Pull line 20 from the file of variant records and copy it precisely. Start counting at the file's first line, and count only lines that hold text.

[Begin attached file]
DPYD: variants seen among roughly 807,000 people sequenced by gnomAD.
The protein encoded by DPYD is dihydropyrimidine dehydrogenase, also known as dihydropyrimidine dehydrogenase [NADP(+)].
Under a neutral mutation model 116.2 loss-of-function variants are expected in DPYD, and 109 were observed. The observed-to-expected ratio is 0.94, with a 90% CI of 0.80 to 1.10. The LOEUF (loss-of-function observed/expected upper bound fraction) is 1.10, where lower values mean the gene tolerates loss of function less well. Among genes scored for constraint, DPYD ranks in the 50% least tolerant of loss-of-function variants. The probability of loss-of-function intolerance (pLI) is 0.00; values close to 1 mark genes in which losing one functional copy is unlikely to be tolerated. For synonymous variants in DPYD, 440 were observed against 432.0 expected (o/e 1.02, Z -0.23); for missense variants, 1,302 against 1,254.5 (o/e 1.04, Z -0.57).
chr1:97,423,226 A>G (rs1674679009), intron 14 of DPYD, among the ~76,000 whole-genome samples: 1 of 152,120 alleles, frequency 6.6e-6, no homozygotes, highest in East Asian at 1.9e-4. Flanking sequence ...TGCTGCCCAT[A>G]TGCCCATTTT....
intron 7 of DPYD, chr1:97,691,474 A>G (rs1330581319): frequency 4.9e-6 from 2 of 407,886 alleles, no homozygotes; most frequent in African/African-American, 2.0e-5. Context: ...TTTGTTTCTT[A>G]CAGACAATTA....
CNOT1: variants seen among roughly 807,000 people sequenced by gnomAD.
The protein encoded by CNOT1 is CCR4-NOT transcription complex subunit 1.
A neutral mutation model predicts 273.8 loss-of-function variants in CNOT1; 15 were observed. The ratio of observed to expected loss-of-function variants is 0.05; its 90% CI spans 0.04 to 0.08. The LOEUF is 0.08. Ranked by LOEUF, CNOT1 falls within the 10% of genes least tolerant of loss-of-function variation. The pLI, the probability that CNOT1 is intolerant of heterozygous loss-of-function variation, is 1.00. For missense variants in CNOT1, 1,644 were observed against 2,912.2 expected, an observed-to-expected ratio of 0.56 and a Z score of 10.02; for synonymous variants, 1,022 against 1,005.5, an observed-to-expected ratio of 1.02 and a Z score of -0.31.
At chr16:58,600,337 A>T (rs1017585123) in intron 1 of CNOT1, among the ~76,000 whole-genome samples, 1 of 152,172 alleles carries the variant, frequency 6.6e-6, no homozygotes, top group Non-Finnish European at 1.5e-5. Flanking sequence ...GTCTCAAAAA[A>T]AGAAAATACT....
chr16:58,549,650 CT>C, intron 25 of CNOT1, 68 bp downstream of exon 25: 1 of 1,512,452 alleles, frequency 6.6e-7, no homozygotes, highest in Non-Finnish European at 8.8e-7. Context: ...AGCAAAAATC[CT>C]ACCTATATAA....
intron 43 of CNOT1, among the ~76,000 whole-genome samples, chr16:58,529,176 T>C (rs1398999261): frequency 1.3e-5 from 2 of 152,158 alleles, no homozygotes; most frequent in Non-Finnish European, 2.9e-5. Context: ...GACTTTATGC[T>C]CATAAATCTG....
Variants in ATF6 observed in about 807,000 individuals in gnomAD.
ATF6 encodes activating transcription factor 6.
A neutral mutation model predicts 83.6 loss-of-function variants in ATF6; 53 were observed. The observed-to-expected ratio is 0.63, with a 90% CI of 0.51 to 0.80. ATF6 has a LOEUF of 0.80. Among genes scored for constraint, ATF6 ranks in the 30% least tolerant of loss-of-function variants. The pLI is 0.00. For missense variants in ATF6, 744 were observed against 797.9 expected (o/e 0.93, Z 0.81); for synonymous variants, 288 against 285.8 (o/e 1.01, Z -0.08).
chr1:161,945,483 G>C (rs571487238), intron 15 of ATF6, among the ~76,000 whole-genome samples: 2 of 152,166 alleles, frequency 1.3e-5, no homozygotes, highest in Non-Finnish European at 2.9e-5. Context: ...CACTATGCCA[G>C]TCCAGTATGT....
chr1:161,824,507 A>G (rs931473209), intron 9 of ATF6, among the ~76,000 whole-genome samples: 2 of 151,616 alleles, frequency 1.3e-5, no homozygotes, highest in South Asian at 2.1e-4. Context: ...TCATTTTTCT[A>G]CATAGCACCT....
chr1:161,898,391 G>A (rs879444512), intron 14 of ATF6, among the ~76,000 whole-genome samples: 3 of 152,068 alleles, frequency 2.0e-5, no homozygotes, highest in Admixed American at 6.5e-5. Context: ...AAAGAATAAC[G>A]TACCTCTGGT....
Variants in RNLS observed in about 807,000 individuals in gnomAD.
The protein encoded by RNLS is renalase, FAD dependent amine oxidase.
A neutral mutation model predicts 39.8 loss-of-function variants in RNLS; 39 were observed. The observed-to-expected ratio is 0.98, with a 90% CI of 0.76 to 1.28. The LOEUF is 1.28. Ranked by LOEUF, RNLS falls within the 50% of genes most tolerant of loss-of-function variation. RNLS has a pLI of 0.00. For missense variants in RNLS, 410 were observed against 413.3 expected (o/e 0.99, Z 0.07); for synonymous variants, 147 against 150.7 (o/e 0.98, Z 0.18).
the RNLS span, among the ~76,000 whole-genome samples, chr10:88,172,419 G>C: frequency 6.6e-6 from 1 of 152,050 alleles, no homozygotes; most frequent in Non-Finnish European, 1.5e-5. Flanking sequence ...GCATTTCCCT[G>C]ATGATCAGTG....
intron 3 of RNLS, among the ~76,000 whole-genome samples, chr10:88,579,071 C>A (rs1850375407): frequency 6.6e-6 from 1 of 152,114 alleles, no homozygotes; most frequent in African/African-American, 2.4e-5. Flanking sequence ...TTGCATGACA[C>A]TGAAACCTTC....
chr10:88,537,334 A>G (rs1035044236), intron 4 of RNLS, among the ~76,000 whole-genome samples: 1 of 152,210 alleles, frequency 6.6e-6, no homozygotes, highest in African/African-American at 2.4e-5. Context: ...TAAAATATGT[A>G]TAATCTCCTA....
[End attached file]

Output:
A neutral mutation model predicts 39.8 loss-of-function variants in RNLS; 39 were observed. The observed-to-expected ratio is 0.98, with a 90% CI of 0.76 to 1.28. The LOEUF is 1.28. Ranked by LOEUF, RNLS falls within the 50% of genes most tolerant of loss-of-function variation. RNLS has a pLI of 0.00. For missense variants in RNLS, 410 were observed against 413.3 expected (o/e 0.99, Z 0.07); for synonymous variants, 147 against 150.7 (o/e 0.98, Z 0.18).